How to structure a Postmortem document after an incident

At Pixelmatters, we understand the critical role of delivering high-quality products that meet the needs and expectations of our clients. We not only place a strong emphasis on quality-driven development processes that enable us to create functional, reliable, scalable, and sustainable software over the long term, as well as our teams ensure high standards throughout the development process, from design to testing and deployment.  Quality is our priority.

This mindset has led Pixelmatters to implement processes that prioritize identifying and preventing issues and bugs early on in the Software Development Lifecycle. This approach results not only in better product quality and long-term sustainability but also minimizes vulnerabilities and security risks. All of this results in faster deployments and less time to deliver the product to the market.

However, despite the effort of the whole team to create robust software systems, incidents do happen due to the software's inherent complexity, and users may encounter unexpected behaviors. Having a reliable approach to handle these Incidents is crucial, and that's where the Incident Management process comes into play.

In this blog post, we'll discuss the significance of Incident Management with a particular emphasis on Postmortem documentation and provide some useful tips on how to develop this kind of documentation effectively.

When reviewing an Incident, there are several objectives and factors to take into account, but we’ll talk about them later. For now, let's begin with the fundamentals.

What is an Incident?

An Incident results from a deviation in actual and expected results and disrupts the normal operation of a software system.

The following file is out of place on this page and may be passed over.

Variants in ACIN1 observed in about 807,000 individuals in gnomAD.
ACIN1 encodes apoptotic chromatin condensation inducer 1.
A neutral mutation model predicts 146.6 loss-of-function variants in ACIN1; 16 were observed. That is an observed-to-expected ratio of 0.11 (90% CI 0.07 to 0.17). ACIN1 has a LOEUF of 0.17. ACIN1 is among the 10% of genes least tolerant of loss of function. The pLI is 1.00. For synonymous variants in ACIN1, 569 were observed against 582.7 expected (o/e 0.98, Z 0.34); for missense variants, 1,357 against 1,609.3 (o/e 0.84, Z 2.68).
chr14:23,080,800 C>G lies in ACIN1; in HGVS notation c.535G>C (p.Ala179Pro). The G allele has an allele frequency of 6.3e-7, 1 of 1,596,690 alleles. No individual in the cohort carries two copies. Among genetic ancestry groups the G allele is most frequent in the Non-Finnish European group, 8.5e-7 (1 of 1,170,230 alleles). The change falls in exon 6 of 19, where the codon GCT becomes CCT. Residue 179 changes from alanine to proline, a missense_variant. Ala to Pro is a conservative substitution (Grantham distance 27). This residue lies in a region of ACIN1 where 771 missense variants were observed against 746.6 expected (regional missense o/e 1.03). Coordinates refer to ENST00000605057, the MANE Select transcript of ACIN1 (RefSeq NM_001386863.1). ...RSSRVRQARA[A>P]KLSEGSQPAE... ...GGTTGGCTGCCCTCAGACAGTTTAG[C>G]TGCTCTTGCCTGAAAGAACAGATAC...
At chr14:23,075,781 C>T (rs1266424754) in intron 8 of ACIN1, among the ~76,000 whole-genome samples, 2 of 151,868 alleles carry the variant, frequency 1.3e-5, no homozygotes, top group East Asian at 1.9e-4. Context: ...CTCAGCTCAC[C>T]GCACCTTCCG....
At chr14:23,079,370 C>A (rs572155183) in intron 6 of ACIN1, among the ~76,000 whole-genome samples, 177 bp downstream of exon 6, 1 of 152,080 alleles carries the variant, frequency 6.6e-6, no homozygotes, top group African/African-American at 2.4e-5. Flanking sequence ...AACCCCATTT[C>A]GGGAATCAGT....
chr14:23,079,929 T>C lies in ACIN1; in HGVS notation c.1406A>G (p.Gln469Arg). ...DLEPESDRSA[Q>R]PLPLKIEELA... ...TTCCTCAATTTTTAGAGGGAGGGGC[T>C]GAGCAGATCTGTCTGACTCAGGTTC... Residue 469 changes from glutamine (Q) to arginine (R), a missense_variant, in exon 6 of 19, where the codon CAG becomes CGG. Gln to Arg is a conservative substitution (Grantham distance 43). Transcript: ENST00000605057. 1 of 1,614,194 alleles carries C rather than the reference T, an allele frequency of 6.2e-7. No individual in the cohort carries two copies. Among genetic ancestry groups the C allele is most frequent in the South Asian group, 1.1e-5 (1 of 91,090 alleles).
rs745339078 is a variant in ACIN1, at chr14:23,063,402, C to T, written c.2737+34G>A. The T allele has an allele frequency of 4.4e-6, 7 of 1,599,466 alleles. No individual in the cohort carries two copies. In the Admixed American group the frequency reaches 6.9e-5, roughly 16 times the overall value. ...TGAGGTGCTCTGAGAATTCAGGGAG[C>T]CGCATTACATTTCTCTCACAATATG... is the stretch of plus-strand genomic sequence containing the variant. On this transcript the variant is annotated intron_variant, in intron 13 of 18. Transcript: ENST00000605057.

Typically, they impact the software system's availability, reliability, performance, or security and range in severity, from a complete web service outage to just a few users encountering errors. It is important to mention that an Incident includes bugs and other problems such as hardware failures, network outages, human errors, security breaches, or even natural disasters.

It is of the most importance that an investigation is developed to identify the root cause and take necessary actions to prevent such events. To monitor the process, roles are assigned to ensure that the Incident is tracked from the identification until it is considered solved.

Naturally, an Incident is only considered solved when the application works as expected and all the functionalities are restored.

Now, consider that the Incident is solved and gone. The storm has passed. Everything is calm. But our work is not over yet. It is time to move forward in our process and start developing the next piece of documentation: the Postmortem.

What is an Incident Postmortem?

A Postmortem is a written report developed after an Incident is resolved. By thoroughly documenting the Incident and its resolution, identifying all the root causes, and defining actions to take, the Postmortem report can serve as a valuable resource to prevent similar incidents from occurring in the future.